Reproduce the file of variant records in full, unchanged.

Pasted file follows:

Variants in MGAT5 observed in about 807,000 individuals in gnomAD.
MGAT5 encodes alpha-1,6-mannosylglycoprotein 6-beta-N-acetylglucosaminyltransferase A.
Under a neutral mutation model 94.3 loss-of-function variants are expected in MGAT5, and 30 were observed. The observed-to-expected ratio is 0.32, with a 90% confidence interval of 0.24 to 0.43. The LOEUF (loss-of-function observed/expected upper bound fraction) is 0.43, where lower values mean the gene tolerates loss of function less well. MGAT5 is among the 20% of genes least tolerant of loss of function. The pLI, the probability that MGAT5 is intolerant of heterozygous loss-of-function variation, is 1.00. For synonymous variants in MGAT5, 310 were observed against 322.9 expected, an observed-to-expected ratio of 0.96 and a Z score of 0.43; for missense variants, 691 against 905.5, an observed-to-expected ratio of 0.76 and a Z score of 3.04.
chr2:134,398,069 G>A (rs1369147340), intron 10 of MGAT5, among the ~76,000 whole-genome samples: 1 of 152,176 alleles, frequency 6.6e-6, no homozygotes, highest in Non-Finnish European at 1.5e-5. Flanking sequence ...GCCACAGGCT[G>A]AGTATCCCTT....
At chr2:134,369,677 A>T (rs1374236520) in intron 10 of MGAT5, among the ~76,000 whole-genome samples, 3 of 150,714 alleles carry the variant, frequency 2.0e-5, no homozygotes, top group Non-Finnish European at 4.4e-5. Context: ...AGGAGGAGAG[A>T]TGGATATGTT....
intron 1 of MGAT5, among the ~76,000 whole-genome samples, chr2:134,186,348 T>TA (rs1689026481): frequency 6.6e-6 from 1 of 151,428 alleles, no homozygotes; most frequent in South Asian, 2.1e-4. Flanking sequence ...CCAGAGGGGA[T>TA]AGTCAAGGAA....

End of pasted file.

Variants in MGAT5 observed in about 807,000 individuals in gnomAD.
MGAT5 encodes alpha-1,6-mannosylglycoprotein 6-beta-N-acetylglucosaminyltransferase A.
Under a neutral mutation model 94.3 loss-of-function variants are expected in MGAT5, and 30 were observed. The observed-to-expected ratio is 0.32, with a 90% confidence interval of 0.24 to 0.43. The LOEUF (loss-of-function observed/expected upper bound fraction) is 0.43, where lower values mean the gene tolerates loss of function less well. MGAT5 is among the 20% of genes least tolerant of loss of function. The pLI, the probability that MGAT5 is intolerant of heterozygous loss-of-function variation, is 1.00. For synonymous variants in MGAT5, 310 were observed against 322.9 expected, an observed-to-expected ratio of 0.96 and a Z score of 0.43; for missense variants, 691 against 905.5, an observed-to-expected ratio of 0.76 and a Z score of 3.04.
chr2:134,398,069 G>A (rs1369147340), intron 10 of MGAT5, among the ~76,000 whole-genome samples: 1 of 152,176 alleles, frequency 6.6e-6, no homozygotes, highest in Non-Finnish European at 1.5e-5. Flanking sequence ...GCCACAGGCT[G>A]AGTATCCCTT....
At chr2:134,369,677 A>T (rs1374236520) in intron 10 of MGAT5, among the ~76,000 whole-genome samples, 3 of 150,714 alleles carry the variant, frequency 2.0e-5, no homozygotes, top group Non-Finnish European at 4.4e-5. Context: ...AGGAGGAGAG[A>T]TGGATATGTT....
intron 1 of MGAT5, among the ~76,000 whole-genome samples, chr2:134,186,348 T>TA (rs1689026481): frequency 6.6e-6 from 1 of 151,428 alleles, no homozygotes; most frequent in South Asian, 2.1e-4. Flanking sequence ...CCAGAGGGGA[T>TA]AGTCAAGGAA....